Fifty Proven Stress Reducers
Source unknown put published as Appendix A in a book I read a long
time ago and photocopied this list.
1. A lot of things are “stressful” simply because we don’t allow
ourselves enough time to get them done. Look for ways to take the
hurry out of your everyday tasks and responsibilities.
2. Get out of bed fifteen minutes earlier to avoid the morning rushing
3. Prepare for the morning the evening before. (Set out clothes,
breakfast, pack lunch, etc.)
4. Write things down. Don’t rely on your memory. (Trying
to remember not to forget is stressful.)
5. Ask questions, repeat back directions, repeat back what you heard
the other person say, etc. Taking an extra minute to be sure
you understand what was said can save time and prevent
6. Keep a duplicate car key in your wallet; bury a duplicate
house key in your garden.
7. Practice “preventive maintenance” on your car, appliances, teeth,
personal relationships, etc., so they won’t break down at the worst
8. Add an ounce of love to everything you do.
9. Eat healthy foods. Don’t overeat (always leave the table
feeling a little hungry).
10. Procrastination is stressful. Whatever you want to do tomorrow, do
it today; whatever you want today, do it now. Hard work is simply
the accumulation of easy things you didn’t do when yo should have
11. Organize your home and work area so that everything has a
place. You won’t have to go through the stress of losing things.
12. Plan ahead. Don’t let the gas tank get below one-quarter full,
keep a well-stocked “emergency shelf” of supplies at home and at
work. Buy postage stamps and bus tokens before you need them, etc.
13. Schedule a realistic day. Allow ample time between
appointments. Make a “to-do” list and cut it in half.
14. Relax your standards. The world will not end if the grass doesn’t
get mowed this weekend.
15. An instant cure for most stress: thirty minutes of brisk walking
or other aerobic exercise.
16. Make everyday purchases by cash or check; save credit cards for
major planned purchases.
17. Make friends with nonworriers.
18. Every day, find time for solitude and introspection. Seek out
19. Resolve to be tender with the young, compassionate with the aged,
sympathetic with the striving, and tolerant with the weak and
erring – for sometime in life you will have been all of these.
21. Say “No, thank you” to projects you don’t have time or energy for.
22. Always carry reading material to enjoy while waiting in
lines or for appointments.
23. Remind yourself that Babe Ruth struck out 1,330 times.
24. For every one thing that goes wrong, there are 50 to 100
blessings. Count them.
25. Do nothing that, after being done, leads you to tell a lie.
26. Put brain in gear before opening mouth. Before saying anything,
ask yourself if what you are to say is (1) true, (2) kind, and (3)
necessary. If it’s not all three, K.M.S.(Keep Mouth Shut).
27. If an unpleasant task faces you, do it early in the day, get it
28. Do one thing at a time.
29. Donate extra belongings to your favorite charity. Getting
rid of what you don’t need will make what you do need easier to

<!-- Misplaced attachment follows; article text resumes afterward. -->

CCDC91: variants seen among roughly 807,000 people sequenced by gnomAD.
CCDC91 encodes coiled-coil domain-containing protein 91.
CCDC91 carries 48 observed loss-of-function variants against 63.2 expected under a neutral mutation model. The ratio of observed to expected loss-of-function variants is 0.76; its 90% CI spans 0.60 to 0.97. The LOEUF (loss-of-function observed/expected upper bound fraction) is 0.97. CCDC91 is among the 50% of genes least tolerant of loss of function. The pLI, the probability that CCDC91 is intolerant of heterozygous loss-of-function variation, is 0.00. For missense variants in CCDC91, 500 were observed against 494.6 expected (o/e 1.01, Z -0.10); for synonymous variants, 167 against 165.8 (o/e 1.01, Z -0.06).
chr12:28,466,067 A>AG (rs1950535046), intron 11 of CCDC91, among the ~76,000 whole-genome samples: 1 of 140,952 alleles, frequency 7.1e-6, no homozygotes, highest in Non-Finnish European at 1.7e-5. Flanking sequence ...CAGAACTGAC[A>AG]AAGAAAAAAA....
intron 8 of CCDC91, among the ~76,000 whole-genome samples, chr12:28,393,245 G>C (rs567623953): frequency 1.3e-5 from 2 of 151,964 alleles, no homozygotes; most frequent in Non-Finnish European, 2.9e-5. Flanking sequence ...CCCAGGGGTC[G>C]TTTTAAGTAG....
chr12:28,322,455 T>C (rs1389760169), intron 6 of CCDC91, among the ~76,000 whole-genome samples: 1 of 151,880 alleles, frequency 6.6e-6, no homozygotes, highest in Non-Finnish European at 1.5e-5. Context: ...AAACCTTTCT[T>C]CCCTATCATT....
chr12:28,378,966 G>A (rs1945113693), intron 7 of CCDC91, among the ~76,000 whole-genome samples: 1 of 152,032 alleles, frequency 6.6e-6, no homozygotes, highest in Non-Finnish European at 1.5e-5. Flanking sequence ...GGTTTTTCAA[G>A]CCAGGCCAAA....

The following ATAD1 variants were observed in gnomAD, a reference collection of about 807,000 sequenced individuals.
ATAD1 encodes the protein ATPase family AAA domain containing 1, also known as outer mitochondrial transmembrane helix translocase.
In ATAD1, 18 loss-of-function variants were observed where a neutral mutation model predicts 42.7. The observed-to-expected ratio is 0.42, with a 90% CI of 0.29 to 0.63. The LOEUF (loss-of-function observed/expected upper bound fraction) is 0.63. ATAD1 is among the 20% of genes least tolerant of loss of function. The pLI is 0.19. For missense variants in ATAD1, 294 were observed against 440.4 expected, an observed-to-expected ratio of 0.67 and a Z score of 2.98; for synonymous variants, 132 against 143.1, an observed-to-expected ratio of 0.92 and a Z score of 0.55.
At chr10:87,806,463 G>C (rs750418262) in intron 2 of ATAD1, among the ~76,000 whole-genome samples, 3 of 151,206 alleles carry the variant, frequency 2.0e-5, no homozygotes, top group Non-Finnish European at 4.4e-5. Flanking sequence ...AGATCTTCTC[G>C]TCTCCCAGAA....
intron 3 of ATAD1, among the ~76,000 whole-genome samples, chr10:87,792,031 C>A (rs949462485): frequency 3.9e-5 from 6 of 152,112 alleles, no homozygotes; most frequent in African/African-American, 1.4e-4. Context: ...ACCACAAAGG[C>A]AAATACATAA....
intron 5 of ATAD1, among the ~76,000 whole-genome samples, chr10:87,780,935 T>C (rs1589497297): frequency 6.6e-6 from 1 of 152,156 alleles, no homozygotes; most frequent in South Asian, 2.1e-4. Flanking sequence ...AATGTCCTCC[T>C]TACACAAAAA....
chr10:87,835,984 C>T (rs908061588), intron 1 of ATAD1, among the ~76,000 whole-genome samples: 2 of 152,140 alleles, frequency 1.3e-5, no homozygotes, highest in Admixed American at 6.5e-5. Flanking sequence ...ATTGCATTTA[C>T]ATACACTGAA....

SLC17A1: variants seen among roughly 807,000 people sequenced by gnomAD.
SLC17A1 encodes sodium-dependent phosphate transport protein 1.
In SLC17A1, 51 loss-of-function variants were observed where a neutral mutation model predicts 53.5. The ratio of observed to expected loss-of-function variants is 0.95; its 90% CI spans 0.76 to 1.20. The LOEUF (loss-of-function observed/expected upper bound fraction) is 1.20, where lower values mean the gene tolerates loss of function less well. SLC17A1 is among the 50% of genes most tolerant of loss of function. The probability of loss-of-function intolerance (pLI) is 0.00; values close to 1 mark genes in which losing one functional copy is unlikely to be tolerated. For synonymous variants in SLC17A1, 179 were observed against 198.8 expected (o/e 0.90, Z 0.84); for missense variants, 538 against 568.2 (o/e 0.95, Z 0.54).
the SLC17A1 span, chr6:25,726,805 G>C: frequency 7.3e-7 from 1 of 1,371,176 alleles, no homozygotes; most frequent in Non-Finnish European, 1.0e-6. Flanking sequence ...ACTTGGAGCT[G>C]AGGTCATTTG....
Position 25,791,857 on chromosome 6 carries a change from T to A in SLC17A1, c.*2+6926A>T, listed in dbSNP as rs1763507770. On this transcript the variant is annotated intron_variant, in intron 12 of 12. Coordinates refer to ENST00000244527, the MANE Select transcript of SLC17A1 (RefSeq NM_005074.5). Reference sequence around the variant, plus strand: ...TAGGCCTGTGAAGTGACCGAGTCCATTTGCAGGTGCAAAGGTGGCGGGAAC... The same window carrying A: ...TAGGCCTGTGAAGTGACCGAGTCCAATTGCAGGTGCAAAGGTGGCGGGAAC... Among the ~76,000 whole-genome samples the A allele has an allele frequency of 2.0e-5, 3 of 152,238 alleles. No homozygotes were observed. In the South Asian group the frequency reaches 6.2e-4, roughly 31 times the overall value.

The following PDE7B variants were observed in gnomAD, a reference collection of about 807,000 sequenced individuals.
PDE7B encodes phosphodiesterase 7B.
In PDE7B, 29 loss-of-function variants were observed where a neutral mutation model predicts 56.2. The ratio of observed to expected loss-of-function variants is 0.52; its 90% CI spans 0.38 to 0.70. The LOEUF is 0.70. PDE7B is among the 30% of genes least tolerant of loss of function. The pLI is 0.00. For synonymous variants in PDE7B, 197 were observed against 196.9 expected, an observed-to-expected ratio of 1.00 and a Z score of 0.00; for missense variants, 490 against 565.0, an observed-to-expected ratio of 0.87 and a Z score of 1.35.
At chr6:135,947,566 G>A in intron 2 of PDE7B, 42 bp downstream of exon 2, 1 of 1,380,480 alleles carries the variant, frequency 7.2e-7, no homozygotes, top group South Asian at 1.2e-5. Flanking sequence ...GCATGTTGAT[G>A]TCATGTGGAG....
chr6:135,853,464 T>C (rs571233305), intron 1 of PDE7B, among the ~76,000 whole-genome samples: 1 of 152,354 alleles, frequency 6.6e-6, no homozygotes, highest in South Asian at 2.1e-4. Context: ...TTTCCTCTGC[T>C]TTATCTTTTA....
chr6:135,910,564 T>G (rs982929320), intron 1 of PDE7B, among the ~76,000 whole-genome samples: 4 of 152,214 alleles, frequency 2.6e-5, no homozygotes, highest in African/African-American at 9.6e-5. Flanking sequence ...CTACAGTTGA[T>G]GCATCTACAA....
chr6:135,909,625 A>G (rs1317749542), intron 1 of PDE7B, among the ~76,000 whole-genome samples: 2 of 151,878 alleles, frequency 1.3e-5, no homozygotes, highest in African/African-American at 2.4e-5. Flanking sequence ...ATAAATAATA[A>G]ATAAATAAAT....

30. Write your thoughts and feelings in a journal. This can help you
clarify your ideas and put things in their right perspective.
31. When someone cuts you off in traffic, stops suddenly in front of
you, etc., instead of getting mad, think of all driving mistakes
you’ve made in your life-and give the other guy a break.
32. Remember that everyone around you is carrying some kind of burden.
33. Get enough sleep. Use an alarm clock to remind you go to bed, if
34. Set up contingency plans. “If either of us is delayed here’s what
we’ll do.” “If we get separated in the here’s where we’ll meet,”
35. To relax instantly, breathe as if you were trying in inflate an
imaginary balloon in your stomach. Inhale slowly to the count of
10; then exhale slowly to the count of 10. Repeat.
36. Turn “needs” into preferences. Our body’s basic needs food, water,
and keeping warm. Everything else is a preference.
37. Don’t put up with things that don’t work right. Get things fixed
or replace them.
38. Stop worrying. If something concerns you, do something about
it. If you can’t do anything about it, let go of it.
39. Practice labeling situations differently. Are you really “furious”
about something, or are you simply feeling angry or annoyed? Are
you “crushed,” or are you merely let down or disappointed? If
World War II was “terrible,” can you describe your flat tire as
“terrible”? No, at worst, it was an inconvenience. Resisting the
temptation to exaggerate situations, and labeling situations with
the appropriate word, can reduce stress.
40. Live in the present.
41. Every day, do at least one thing you really enjoy.
42. Be kind to unkind people-they probably need it most.
43. Unplug your phone or switch on your phone answering
machine while you take a bath, have dinner, etc.
44. Don’t sweat the small stuff.
45. Laugh! It puts distance between you and your problems.
46. Make promises sparingly and keep them faithfully.
47. Remember that the best things in life aren’t things.
48. Buy clothes and shoes that are: (1) comfortable, (2) easy and
inexpensive to maintain, (3) easy to match with other clothes you
49. Using the TV or radio for background “company” can be
surprisingly stressful. Learn to enjoy quiet.
50. Forget about counting to 10. Count to 100 before say
anything that could make matters worse.